Like many other UC campuses, UC Santa Barbara is facing a serious housing crisis, so the geniuses in Chancellor Yang’s administration put their heads together and have come up with a solution. What is the solution? THE MUNGER CUBE™.
If you haven’t heard by now, Munger Hall is a proposed student residence building designed by Charles Munger, 97-year-old billionaire investor and right-hand man to Warren Buffett. Munger is donating $200 million toward the $1.5 billion project on the condition that the building is built exactly according to his plans. The building is designed to house over 4,500 students across 11 floors and 1.68 million square feet. 94% of the rooms will not have windows or any natural light.
After an architect on the project quit last week in protest and a subsequent Santa Barbara Independent news article was published, Munger Hall’s controversial plans have quickly picked up traction on national news sites such as CNN, the LA Times, CNBC, and reputable news source, The Onion. A student-led Change.org petition demanding the university rejects the plans gained over 8,500 student signatures in 1 week. But the problem that Munger Hall intended to solve still remains— How can UCSB resolve its massive housing shortage?
One student, Isabella Bunting, 19, decided enough was enough. “If some billionaire asswipe can decide to design buildings with zero architectural experience, why can’t I?”
Bunting is a 2nd year Math major and Underwater Basket Weaving minor at UC Santa Barbara and is the creator of the winning “Bunger Hall” redesign submitted to the UCSB Design Review Committee. “We know how important it is to our community that their voices be heard and taken into consideration when dealing with major university projects like this,” a spokesperson from UCSB stated. “We also don’t like the media getting all up in our business and making us look bad just because we’re ‘incapable of doing our job.’ We were inspired by the College of Engineering’s t-shirt design contest, and quite frankly ran out of solutions for this problem. That’s why we decided to hold a Munger Hall Redesign competition, open to absolutely anyone, (and I mean anybody— we even allowed English majors to enter) to come up with an alternative solution.”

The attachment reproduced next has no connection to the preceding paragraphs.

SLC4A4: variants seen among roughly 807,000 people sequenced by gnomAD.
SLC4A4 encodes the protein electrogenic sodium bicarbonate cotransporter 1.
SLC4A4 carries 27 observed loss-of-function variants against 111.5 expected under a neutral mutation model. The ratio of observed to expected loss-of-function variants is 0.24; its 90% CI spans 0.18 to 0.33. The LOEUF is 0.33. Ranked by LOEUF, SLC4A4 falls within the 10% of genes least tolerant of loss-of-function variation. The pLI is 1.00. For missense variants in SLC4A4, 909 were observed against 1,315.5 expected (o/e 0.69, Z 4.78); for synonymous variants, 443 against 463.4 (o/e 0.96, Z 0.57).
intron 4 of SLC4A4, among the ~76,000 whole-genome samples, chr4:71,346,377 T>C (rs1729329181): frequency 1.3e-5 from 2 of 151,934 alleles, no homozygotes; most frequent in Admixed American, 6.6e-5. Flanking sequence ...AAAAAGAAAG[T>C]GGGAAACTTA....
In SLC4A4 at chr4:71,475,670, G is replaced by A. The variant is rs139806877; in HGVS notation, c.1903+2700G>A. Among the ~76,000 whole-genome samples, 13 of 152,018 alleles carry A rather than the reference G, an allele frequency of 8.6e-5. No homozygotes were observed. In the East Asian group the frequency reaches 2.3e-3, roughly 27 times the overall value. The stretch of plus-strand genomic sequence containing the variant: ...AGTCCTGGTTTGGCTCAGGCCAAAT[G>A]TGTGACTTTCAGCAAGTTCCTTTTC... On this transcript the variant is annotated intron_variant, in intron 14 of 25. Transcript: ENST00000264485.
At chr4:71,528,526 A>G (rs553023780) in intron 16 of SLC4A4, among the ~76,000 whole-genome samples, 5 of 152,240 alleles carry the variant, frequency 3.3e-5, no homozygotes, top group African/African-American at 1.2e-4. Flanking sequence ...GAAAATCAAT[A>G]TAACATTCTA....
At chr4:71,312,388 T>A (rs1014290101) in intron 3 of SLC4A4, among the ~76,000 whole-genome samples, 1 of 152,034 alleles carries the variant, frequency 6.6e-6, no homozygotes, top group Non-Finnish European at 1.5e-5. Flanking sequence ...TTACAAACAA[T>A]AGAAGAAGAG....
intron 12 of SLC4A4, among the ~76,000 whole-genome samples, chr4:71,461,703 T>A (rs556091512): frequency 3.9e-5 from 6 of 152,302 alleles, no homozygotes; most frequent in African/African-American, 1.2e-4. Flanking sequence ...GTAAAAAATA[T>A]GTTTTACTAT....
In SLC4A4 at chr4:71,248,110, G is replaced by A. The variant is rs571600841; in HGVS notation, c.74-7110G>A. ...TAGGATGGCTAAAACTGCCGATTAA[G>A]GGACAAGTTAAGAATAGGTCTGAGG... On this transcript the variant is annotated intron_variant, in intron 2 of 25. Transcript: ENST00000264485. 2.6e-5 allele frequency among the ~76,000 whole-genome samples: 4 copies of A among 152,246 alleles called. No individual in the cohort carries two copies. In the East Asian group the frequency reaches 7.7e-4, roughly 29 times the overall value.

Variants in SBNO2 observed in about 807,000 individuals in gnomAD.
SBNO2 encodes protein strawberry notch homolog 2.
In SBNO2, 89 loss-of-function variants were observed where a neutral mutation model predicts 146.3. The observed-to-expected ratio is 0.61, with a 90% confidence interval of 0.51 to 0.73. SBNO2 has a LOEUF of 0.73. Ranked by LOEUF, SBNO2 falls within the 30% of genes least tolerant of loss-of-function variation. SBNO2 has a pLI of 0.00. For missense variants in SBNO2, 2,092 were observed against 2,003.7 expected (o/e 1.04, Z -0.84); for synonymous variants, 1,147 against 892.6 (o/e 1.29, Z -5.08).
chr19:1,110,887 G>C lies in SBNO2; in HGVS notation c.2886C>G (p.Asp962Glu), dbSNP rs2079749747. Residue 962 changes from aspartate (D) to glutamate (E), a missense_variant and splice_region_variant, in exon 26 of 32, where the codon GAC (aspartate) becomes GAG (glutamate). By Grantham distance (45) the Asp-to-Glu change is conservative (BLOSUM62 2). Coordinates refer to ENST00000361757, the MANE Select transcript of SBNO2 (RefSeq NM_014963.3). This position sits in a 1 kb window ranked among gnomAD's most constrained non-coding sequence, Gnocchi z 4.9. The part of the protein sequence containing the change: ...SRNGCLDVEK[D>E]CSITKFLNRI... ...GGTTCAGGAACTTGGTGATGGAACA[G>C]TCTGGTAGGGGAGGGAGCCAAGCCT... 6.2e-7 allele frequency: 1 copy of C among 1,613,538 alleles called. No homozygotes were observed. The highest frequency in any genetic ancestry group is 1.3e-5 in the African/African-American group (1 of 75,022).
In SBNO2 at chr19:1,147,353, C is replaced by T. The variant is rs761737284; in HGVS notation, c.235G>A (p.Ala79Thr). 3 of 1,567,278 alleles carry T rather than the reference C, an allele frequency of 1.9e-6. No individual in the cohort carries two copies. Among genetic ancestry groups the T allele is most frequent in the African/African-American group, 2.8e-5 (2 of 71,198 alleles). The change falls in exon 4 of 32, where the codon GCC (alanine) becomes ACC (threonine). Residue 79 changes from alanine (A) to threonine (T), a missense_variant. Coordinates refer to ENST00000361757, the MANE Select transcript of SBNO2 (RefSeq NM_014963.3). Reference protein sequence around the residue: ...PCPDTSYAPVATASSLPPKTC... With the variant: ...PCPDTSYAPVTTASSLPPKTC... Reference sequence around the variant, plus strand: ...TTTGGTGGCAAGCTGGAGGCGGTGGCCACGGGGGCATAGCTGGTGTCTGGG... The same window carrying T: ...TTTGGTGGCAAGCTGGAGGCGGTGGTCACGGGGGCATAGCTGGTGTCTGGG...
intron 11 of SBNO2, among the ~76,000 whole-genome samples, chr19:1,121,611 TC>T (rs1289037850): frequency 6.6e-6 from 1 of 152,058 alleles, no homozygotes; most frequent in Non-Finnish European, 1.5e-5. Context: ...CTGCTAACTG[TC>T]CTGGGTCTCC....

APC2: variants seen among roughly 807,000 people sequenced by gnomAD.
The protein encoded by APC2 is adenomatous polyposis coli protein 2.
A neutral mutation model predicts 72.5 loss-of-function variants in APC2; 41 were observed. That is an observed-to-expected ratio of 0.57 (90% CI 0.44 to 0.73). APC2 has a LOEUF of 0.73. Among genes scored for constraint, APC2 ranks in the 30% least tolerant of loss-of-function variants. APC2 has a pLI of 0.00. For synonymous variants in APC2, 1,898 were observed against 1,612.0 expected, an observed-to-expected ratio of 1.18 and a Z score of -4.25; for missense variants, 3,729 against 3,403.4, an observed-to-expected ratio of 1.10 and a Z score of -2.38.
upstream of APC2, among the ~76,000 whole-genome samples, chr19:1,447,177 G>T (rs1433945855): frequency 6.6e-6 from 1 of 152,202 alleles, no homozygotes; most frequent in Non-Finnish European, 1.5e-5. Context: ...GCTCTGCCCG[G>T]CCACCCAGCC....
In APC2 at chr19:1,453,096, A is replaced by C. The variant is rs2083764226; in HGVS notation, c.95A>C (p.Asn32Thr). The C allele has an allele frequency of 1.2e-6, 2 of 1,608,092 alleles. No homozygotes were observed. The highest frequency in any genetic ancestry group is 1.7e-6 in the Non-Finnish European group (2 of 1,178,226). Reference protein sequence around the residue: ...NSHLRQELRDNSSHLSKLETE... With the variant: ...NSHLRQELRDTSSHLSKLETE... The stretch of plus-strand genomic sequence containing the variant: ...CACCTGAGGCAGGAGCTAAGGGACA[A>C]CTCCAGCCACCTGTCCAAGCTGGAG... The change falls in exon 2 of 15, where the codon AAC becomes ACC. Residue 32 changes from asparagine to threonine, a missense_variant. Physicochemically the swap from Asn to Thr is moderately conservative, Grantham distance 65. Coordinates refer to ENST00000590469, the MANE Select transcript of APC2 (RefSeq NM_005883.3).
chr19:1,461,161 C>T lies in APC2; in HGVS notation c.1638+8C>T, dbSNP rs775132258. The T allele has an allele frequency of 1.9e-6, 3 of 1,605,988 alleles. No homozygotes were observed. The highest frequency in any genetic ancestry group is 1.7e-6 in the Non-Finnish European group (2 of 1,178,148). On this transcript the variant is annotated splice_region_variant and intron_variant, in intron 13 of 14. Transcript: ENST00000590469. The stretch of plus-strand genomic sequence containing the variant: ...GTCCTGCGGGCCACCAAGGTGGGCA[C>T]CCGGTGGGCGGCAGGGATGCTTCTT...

In an interview with Gaucho Marks, Bunting said she originally entered the competition as a joke, stating that “I didn’t expect that the university would place the responsibility of such a huge project in the hands of someone who is completely inexperienced in the field, but all things considered, I guess my expectations were set too high.” Out of 64 total entries, Bunting’s design was selected by the committee to be the best alternative.
A comparison between the original Munger Hall floor plan and Bunger Hall’s floor plan, which was drawn in Microsoft Paint.
Bunting’s design features a floor plan with the same sized rooms, same bathroom-to-bedroom ratio, and same overall shape as Munger’s. It also contains a large inner courtyard, even more rooms than the original design, and forty-three percent more window access. “I’m not an architecture major, but all I did was rearrange the rooms in a donut shape. It’s not that hard to grasp. It’s entirely possible to provide more window access without sacrificing living space.”
Bunting says her “donut” idea was inspired by the geometric principles of “perimeter” and “area.” According to these advanced mathematics principles: the larger the perimeter of a building, the more windows it can have. “You could even just break up the building into a few smaller ones and have the same area that you did before,” she explains. “Hey wait a minute, that would probably work even better than the donut idea. Is it too late to change my submission?”
Last Friday, Munger responded to backlash against his design, saying, “I’m not a bit surprised that someone looked at it and said, ‘What the hell is going on here?’ What’s going on here is that it’s going to work better than any other practical alternative.” But in Bunting’s perspective, practical alternatives are aplenty.
“I mean seriously, sixty-three fantastic other blueprint designs were submitted, many of which were made by practicing architects (and one English major) who wanted to help fix this utter human rights violation.” Bunting continued, thoroughly perplexed, “I don’t even know why they picked my design. I’m completely mystified as to how anyone could have possibly looked at an MS Paint drawing and thought, ‘yeah, this seems good enough to make a building out of,’ but again, I guess I set my expectations too high.”
When asked about the reasoning behind their selection, the Design Review Committee stated, “Isabella’s design showed remarkable ingenuity and freshness, bringing forth a new vision of accessible student living. Her work is inspired and revolutionary, and represents what we as an institution are all about, which is a very circuitous way of saying, ‘we are just as incompetent and unqualified to be in this position as you think we are.’”
In order to avoid more widespread public outrage and a permanently damaged reputation, the Design Review Committee will be revising their construction plans to match Bunting’s design accordingly. “But please don’t tell Ol’ Charlie or else he won’t pay us,” said a spokesperson. “We’re hoping he’ll kick the bucket before he finds out. I’d say chances are looking good.”
Isabella Bunting will be compensated by the university for her work with a fifteen-dollar gift card to Woodstock’s Pizza.